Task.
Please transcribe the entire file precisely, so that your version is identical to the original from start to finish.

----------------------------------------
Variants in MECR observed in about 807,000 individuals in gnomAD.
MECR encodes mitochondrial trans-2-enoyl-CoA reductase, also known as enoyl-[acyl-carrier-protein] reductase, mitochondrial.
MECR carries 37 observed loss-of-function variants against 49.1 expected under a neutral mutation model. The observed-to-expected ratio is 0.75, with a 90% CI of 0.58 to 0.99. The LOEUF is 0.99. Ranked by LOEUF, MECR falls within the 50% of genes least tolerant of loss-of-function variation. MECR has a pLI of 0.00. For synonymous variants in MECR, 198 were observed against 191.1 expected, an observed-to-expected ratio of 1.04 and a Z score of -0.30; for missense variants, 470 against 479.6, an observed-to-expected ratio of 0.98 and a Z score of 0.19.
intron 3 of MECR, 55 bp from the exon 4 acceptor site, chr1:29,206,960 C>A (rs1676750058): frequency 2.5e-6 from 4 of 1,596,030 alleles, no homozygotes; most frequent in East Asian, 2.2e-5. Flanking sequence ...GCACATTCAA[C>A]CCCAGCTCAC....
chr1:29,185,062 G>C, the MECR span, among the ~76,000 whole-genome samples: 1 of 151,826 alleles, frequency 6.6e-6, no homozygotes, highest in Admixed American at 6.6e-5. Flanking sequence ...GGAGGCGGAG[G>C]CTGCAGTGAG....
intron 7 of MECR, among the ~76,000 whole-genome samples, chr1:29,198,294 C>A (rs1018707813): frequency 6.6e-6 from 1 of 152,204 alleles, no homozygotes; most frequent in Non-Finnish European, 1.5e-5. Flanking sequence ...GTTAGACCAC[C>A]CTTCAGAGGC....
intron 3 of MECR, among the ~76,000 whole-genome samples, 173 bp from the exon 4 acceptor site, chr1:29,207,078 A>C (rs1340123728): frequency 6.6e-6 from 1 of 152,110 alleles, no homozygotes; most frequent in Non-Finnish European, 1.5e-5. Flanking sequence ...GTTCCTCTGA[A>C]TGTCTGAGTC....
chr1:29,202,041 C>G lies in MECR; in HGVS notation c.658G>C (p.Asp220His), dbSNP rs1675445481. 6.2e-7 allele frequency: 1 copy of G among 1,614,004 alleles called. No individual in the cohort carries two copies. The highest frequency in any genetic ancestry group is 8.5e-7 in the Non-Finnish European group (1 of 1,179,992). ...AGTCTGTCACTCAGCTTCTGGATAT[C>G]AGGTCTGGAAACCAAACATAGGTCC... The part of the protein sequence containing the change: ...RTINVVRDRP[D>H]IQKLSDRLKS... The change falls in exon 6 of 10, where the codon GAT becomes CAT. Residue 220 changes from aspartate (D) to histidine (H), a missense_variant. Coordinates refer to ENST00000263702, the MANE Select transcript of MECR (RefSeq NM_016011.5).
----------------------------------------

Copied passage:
Variants in MECR observed in about 807,000 individuals in gnomAD.
MECR encodes mitochondrial trans-2-enoyl-CoA reductase, also known as enoyl-[acyl-carrier-protein] reductase, mitochondrial.
MECR carries 37 observed loss-of-function variants against 49.1 expected under a neutral mutation model. The observed-to-expected ratio is 0.75, with a 90% CI of 0.58 to 0.99. The LOEUF is 0.99. Ranked by LOEUF, MECR falls within the 50% of genes least tolerant of loss-of-function variation. MECR has a pLI of 0.00. For synonymous variants in MECR, 198 were observed against 191.1 expected, an observed-to-expected ratio of 1.04 and a Z score of -0.30; for missense variants, 470 against 479.6, an observed-to-expected ratio of 0.98 and a Z score of 0.19.
intron 3 of MECR, 55 bp from the exon 4 acceptor site, chr1:29,206,960 C>A (rs1676750058): frequency 2.5e-6 from 4 of 1,596,030 alleles, no homozygotes; most frequent in East Asian, 2.2e-5. Flanking sequence ...GCACATTCAA[C>A]CCCAGCTCAC....
chr1:29,185,062 G>C, the MECR span, among the ~76,000 whole-genome samples: 1 of 151,826 alleles, frequency 6.6e-6, no homozygotes, highest in Admixed American at 6.6e-5. Flanking sequence ...GGAGGCGGAG[G>C]CTGCAGTGAG....
intron 7 of MECR, among the ~76,000 whole-genome samples, chr1:29,198,294 C>A (rs1018707813): frequency 6.6e-6 from 1 of 152,204 alleles, no homozygotes; most frequent in Non-Finnish European, 1.5e-5. Flanking sequence ...GTTAGACCAC[C>A]CTTCAGAGGC....
intron 3 of MECR, among the ~76,000 whole-genome samples, 173 bp from the exon 4 acceptor site, chr1:29,207,078 A>C (rs1340123728): frequency 6.6e-6 from 1 of 152,110 alleles, no homozygotes; most frequent in Non-Finnish European, 1.5e-5. Flanking sequence ...GTTCCTCTGA[A>C]TGTCTGAGTC....
chr1:29,202,041 C>G lies in MECR; in HGVS notation c.658G>C (p.Asp220His), dbSNP rs1675445481. 6.2e-7 allele frequency: 1 copy of G among 1,614,004 alleles called. No individual in the cohort carries two copies. The highest frequency in any genetic ancestry group is 8.5e-7 in the Non-Finnish European group (1 of 1,179,992). ...AGTCTGTCACTCAGCTTCTGGATAT[C>G]AGGTCTGGAAACCAAACATAGGTCC... The part of the protein sequence containing the change: ...RTINVVRDRP[D>H]IQKLSDRLKS... The change falls in exon 6 of 10, where the codon GAT becomes CAT. Residue 220 changes from aspartate (D) to histidine (H), a missense_variant. Coordinates refer to ENST00000263702, the MANE Select transcript of MECR (RefSeq NM_016011.5).